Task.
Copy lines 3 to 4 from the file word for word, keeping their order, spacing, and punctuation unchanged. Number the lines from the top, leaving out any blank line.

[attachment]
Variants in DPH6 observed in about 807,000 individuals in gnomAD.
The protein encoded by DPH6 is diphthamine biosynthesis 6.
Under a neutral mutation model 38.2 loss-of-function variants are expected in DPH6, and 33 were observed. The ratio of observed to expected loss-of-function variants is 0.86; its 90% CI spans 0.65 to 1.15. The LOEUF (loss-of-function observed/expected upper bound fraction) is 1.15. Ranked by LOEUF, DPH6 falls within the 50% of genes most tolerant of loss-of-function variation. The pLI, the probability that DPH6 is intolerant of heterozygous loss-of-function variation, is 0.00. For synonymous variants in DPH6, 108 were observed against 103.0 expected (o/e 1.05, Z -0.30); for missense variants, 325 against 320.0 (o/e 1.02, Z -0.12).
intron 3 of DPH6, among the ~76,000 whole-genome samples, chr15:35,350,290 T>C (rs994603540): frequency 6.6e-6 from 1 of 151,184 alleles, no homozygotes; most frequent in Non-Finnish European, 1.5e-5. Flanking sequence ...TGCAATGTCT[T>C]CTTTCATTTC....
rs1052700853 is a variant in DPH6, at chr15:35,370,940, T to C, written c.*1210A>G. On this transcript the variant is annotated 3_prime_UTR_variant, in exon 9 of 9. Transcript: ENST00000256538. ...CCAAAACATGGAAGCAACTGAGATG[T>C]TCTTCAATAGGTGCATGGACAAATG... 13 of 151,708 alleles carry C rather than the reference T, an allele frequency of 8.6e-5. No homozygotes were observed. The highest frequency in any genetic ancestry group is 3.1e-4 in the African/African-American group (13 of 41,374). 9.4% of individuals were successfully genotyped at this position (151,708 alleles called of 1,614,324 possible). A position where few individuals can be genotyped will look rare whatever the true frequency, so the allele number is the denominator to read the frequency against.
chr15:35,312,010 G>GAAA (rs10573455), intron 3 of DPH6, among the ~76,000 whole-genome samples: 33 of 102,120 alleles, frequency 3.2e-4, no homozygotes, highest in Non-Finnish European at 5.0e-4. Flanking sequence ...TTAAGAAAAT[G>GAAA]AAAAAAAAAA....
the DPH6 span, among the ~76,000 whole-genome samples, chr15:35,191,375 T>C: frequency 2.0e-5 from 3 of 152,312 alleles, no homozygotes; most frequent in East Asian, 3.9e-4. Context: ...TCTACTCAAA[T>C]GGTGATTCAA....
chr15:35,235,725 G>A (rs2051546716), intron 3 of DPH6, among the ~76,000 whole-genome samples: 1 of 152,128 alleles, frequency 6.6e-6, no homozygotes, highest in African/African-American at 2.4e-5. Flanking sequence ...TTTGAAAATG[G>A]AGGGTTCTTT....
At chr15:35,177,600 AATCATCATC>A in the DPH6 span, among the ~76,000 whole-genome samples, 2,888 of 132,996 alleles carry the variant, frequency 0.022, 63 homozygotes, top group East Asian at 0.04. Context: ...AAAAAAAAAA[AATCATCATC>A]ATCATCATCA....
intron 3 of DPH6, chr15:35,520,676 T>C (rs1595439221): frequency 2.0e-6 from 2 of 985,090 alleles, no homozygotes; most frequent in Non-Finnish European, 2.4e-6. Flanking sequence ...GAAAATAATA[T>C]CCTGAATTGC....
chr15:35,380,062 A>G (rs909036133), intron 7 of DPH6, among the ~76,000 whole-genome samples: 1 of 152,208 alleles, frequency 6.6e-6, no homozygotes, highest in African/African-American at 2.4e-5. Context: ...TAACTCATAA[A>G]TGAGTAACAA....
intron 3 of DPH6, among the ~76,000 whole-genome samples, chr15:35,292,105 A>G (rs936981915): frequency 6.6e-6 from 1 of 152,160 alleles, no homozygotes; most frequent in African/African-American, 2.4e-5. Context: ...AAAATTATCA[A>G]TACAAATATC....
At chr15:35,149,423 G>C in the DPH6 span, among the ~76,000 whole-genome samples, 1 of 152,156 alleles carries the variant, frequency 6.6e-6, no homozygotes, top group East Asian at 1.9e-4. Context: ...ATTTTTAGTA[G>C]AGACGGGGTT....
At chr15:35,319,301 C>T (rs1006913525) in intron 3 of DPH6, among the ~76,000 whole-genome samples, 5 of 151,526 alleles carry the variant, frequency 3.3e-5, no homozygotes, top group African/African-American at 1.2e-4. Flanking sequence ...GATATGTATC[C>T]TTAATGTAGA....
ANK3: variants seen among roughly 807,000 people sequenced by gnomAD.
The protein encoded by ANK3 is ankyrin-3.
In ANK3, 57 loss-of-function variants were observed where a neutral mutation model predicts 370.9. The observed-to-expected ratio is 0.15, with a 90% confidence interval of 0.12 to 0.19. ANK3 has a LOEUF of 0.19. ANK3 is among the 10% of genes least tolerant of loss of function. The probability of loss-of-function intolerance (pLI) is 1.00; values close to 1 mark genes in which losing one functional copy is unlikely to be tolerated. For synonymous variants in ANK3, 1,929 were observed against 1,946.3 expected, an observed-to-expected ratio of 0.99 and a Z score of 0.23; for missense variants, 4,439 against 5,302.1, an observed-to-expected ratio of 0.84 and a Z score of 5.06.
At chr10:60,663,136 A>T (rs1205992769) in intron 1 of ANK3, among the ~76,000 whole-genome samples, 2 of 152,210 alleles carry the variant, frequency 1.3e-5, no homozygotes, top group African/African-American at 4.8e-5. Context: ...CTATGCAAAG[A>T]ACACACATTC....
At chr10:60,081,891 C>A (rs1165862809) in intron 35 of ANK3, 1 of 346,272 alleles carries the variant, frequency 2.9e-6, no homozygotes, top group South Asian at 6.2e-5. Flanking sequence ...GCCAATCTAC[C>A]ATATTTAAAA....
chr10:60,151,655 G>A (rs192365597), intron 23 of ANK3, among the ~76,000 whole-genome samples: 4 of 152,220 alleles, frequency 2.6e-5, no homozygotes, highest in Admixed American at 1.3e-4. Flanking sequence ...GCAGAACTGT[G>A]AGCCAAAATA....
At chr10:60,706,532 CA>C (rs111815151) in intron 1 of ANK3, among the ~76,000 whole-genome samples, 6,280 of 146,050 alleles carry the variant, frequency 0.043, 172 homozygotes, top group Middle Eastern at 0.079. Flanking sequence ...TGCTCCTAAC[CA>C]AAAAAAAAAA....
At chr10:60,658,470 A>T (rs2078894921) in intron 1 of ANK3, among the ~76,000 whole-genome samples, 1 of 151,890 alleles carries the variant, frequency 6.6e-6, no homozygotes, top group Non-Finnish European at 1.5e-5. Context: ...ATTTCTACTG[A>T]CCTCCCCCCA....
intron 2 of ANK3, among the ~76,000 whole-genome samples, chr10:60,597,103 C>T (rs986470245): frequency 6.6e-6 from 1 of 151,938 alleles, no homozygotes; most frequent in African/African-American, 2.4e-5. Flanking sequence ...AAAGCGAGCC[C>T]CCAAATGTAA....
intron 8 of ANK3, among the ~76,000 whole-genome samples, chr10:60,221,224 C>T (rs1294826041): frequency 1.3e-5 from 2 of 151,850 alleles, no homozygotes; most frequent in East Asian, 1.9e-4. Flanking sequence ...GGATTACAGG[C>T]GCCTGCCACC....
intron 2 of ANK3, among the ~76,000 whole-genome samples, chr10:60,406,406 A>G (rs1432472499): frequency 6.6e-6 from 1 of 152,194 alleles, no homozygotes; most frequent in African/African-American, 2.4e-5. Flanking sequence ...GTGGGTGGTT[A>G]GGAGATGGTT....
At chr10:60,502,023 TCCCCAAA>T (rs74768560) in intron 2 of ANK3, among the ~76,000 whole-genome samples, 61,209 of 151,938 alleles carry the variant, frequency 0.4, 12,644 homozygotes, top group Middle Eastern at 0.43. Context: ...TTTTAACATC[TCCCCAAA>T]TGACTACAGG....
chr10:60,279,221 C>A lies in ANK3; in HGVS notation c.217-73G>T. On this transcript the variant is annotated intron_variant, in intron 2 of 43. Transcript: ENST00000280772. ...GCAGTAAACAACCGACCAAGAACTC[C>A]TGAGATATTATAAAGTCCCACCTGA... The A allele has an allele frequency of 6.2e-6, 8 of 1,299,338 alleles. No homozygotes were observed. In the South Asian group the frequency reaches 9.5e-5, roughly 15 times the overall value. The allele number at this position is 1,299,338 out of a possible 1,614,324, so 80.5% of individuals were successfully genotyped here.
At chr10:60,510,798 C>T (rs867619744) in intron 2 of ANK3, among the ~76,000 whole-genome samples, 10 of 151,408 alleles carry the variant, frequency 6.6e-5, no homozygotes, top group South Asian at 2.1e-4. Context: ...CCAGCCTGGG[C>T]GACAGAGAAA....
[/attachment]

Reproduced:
Under a neutral mutation model 38.2 loss-of-function variants are expected in DPH6, and 33 were observed. The ratio of observed to expected loss-of-function variants is 0.86; its 90% CI spans 0.65 to 1.15. The LOEUF (loss-of-function observed/expected upper bound fraction) is 1.15. Ranked by LOEUF, DPH6 falls within the 50% of genes most tolerant of loss-of-function variation. The pLI, the probability that DPH6 is intolerant of heterozygous loss-of-function variation, is 0.00. For synonymous variants in DPH6, 108 were observed against 103.0 expected (o/e 1.05, Z -0.30); for missense variants, 325 against 320.0 (o/e 1.02, Z -0.12).
intron 3 of DPH6, among the ~76,000 whole-genome samples, chr15:35,350,290 T>C (rs994603540): frequency 6.6e-6 from 1 of 151,184 alleles, no homozygotes; most frequent in Non-Finnish European, 1.5e-5. Flanking sequence ...TGCAATGTCT[T>C]CTTTCATTTC....